The Netherlands plans to build a new-generation quantum computer

How fast will computers be in 15 years' time? Well, if it’s a quantum computer, it could potentially be millions of times faster than those we use now.

The Dutch government recently announced a large investment in the idea of a quantum computer, making the Netherlands one of the first countries in the world to establish such a large-scale initiative.

Together with TU Delft and the Netherlands Organisation for Scientific Research, the government is funding the establishment of the QuTech Centre in Delft.

The centre is designed to form a bridge between research on the quantum computer and the Dutch high-tech industry.

Ambitious ideas

The project will be headed by TU Delft Professor Leo Kouwenhoven, who said, "Our ambition is to build the world’s first working quantum computer. Our scientific know-how is now approaching the point where we can prove that we can really build such a computer."

This scientific know-how includes research done by TU Delft, such as the detection of the Marjona particle and quantum entanglement at a distance, both of which are discoveries that will help develop the quantum computer.

The technology

A quantum computer would make use of the fact that elementary particles have a quantum state. This means that they can exist in several states simultaneously.

In a quantum computer, a quantum bit is simultaneously 1 and 0, instead of 1 or 0 as in a normal computer. This enables the computer to rapidly solve mathematical problems with extremely large numbers of variables.

These are the sorts of mathematical problems that are common in daily life, for example in the models that predict the weather or in accurately determining the effects of a medicine on an individual cell.

Such mathematical problems currently require huge amounts of time to calculate using powerful supercomputers, but could be solved by a quantum computer in a flash.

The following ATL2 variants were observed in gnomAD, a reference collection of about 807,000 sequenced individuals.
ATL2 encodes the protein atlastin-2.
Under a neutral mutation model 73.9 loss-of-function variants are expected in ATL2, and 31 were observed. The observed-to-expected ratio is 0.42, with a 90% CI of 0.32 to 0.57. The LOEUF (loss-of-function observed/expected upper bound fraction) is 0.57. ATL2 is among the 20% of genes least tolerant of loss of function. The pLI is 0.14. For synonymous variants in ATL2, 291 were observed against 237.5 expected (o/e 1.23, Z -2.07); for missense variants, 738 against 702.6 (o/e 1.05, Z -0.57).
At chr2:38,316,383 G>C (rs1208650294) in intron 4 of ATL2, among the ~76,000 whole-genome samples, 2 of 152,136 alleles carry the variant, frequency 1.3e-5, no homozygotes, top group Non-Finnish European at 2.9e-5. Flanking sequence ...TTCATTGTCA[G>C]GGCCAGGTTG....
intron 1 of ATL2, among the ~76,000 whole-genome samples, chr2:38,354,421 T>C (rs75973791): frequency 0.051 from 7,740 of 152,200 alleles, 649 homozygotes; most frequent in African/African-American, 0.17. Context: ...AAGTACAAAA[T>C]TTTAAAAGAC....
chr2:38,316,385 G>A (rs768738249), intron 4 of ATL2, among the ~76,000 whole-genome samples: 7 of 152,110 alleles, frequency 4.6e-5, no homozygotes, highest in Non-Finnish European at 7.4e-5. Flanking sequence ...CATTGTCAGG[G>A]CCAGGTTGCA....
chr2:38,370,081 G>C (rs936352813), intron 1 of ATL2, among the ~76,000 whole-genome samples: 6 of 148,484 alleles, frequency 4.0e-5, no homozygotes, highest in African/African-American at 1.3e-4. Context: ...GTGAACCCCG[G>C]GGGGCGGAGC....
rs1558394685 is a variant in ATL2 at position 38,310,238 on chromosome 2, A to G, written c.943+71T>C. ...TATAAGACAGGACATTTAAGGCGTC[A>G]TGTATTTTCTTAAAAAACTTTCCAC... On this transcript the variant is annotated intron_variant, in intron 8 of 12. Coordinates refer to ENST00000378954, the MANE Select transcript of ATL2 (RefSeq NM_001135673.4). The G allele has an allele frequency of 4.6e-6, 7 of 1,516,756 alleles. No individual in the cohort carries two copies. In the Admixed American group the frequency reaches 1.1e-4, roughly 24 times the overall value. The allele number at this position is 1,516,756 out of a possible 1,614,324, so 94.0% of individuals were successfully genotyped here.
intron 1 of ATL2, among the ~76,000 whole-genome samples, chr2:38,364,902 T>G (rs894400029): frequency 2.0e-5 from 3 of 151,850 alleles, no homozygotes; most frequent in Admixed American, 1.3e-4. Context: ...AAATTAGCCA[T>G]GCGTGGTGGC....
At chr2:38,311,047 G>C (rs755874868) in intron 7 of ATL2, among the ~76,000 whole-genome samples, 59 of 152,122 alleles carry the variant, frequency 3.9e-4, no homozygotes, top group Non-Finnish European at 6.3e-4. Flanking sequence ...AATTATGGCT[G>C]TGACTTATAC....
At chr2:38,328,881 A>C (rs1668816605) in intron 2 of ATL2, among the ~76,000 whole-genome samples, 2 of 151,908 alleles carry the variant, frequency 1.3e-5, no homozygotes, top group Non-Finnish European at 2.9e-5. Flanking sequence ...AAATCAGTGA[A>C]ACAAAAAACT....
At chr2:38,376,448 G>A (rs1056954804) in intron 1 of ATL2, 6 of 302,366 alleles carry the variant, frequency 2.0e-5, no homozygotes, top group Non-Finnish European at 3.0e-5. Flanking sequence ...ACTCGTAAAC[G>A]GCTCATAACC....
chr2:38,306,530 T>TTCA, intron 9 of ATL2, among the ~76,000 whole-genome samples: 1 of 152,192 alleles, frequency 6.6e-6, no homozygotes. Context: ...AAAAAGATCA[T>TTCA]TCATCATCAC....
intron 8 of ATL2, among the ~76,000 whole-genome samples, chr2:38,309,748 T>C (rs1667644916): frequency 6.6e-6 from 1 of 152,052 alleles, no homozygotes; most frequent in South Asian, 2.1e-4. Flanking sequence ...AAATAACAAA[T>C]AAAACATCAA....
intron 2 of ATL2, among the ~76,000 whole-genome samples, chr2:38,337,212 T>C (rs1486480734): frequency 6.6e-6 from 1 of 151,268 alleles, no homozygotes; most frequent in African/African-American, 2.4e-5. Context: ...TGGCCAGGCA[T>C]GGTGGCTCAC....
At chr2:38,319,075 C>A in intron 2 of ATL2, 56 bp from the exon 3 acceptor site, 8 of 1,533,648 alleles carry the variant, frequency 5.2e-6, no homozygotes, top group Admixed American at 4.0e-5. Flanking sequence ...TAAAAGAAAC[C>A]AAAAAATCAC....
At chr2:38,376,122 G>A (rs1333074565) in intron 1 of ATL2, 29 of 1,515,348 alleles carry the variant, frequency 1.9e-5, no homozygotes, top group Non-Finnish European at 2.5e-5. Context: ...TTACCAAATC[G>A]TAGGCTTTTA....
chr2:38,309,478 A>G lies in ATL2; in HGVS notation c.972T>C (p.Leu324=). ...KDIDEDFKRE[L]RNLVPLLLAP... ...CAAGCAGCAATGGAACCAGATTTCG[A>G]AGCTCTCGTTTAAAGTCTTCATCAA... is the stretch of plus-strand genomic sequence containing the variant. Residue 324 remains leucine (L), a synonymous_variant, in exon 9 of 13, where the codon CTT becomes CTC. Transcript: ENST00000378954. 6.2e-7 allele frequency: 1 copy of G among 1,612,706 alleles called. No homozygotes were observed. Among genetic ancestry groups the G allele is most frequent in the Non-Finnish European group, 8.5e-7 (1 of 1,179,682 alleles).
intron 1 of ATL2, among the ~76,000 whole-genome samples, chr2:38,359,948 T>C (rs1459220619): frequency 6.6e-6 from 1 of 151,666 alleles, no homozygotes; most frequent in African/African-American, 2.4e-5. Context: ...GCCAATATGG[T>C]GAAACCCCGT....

The centre will work with the cooperation of other research institutes, such as independent research organisation TNO and the Netherlands Institute for Space Research. There are also some early adopters from the business community involved, some of whom will be building components, while others wish to put the quantum knowledge developed to use in different applications, such as sensors.

Death of the classical computer?

The video below explains in further detail how a quantum computer would work, but it also highlights the fact that quantum computers will not replace your average desktop for our normal daily tasks.

Quantum computers are not universally faster; they are only faster for special types of calculations. For watching a video, browsing the internet or writing a document, quantum computers will not offer any particular improvement.

Sources: Government of the Netherlands, TU Delft, Veristatum

Alexandra Gowling


Alexandra Gowling

Alexandra is an Australian citizen and an experienced expat, having spent (quite a bit of) time in Asia before coming to the Netherlands a year ago. She enjoys writing, reading...

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